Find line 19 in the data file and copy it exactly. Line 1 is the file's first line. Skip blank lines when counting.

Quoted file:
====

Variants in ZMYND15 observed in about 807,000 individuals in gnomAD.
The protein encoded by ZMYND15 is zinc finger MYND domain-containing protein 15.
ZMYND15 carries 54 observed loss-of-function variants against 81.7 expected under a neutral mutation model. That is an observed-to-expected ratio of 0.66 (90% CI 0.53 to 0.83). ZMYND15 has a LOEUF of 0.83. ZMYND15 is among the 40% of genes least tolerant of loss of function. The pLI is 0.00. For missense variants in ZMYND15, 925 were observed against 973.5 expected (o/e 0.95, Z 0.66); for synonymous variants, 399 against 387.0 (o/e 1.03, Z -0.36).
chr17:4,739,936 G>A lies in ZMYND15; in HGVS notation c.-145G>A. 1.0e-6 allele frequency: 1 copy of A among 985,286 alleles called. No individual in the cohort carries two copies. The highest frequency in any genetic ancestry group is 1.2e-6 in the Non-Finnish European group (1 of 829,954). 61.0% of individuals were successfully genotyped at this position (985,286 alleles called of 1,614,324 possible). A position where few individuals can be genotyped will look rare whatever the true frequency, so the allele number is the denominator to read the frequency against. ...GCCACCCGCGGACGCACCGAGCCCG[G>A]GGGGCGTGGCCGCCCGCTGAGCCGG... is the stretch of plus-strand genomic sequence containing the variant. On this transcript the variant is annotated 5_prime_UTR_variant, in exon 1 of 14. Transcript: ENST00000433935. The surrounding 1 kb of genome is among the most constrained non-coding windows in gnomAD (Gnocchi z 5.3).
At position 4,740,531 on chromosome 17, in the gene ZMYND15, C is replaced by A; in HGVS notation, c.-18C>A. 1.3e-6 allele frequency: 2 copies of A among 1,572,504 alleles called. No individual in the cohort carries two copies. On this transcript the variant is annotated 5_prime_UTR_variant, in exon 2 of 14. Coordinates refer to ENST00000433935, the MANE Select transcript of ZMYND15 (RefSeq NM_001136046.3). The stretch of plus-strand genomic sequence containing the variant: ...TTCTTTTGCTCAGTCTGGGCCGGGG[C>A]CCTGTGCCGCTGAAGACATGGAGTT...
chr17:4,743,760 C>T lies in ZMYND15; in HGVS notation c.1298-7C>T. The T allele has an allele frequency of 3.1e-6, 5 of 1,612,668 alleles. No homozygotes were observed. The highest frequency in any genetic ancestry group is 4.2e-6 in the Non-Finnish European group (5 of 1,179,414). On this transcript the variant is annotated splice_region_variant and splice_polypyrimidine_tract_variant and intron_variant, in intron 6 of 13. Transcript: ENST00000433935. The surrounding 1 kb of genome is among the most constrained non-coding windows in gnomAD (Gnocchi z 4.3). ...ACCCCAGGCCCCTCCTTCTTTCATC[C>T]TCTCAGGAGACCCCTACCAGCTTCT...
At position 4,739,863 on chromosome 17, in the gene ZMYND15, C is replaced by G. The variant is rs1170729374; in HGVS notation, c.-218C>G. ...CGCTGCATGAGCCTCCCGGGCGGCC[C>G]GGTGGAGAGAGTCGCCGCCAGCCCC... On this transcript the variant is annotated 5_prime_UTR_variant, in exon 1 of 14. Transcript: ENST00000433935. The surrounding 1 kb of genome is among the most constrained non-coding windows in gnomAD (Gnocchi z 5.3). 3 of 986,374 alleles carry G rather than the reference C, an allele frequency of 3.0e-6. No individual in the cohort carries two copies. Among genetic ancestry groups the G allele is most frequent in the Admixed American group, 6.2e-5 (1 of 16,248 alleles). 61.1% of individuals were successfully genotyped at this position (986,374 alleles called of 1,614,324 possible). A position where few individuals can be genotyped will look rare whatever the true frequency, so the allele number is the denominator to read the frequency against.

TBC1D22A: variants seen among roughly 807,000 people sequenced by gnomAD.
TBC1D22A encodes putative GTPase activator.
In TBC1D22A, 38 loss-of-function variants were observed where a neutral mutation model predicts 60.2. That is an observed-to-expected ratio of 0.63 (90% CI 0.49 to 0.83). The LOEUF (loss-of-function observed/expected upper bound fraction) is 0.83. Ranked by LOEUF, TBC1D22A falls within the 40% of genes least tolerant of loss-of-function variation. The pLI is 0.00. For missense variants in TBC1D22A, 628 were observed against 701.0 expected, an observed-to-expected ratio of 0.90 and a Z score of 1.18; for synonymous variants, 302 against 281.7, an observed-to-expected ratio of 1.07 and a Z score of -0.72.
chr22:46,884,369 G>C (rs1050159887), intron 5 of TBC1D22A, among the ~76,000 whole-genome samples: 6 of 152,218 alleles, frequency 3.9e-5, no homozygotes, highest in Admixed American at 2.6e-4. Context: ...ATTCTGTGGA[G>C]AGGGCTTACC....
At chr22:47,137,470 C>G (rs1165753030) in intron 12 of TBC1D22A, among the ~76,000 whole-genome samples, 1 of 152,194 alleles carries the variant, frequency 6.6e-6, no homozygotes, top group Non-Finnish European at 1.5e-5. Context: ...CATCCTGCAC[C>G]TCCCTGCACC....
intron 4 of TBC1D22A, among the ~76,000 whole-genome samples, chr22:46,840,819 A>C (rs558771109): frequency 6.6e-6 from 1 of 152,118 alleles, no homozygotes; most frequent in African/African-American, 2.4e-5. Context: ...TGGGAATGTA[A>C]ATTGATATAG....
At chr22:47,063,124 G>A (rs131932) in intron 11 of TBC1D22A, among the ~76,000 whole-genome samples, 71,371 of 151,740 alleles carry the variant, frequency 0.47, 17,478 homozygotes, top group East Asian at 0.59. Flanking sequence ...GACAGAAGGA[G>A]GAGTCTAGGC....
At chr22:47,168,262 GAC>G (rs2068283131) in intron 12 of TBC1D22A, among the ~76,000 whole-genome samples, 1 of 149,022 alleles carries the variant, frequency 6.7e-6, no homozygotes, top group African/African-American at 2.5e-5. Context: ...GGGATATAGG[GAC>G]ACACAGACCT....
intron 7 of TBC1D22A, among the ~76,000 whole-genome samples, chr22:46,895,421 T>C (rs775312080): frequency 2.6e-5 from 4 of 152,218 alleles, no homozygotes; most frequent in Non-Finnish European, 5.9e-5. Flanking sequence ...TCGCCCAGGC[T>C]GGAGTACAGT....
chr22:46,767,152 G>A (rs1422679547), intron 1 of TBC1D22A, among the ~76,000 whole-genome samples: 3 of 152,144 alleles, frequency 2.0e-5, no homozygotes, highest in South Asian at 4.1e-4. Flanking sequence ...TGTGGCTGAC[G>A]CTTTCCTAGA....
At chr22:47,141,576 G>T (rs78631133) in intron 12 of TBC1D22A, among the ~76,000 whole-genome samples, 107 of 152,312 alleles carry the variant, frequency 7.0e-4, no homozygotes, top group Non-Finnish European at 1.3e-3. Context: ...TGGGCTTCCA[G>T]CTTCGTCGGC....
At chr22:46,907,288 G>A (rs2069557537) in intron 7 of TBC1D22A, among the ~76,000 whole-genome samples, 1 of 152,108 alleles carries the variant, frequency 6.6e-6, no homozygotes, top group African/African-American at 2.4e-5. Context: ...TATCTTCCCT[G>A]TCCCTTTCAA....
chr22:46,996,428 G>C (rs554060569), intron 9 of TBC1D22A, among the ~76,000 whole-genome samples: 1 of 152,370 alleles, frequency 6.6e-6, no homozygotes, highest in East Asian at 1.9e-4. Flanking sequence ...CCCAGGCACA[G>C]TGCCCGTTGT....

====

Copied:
At chr22:46,907,288 G>A (rs2069557537) in intron 7 of TBC1D22A, among the ~76,000 whole-genome samples, 1 of 152,108 alleles carries the variant, frequency 6.6e-6, no homozygotes, top group African/African-American at 2.4e-5. Context: ...TATCTTCCCT[G>A]TCCCTTTCAA....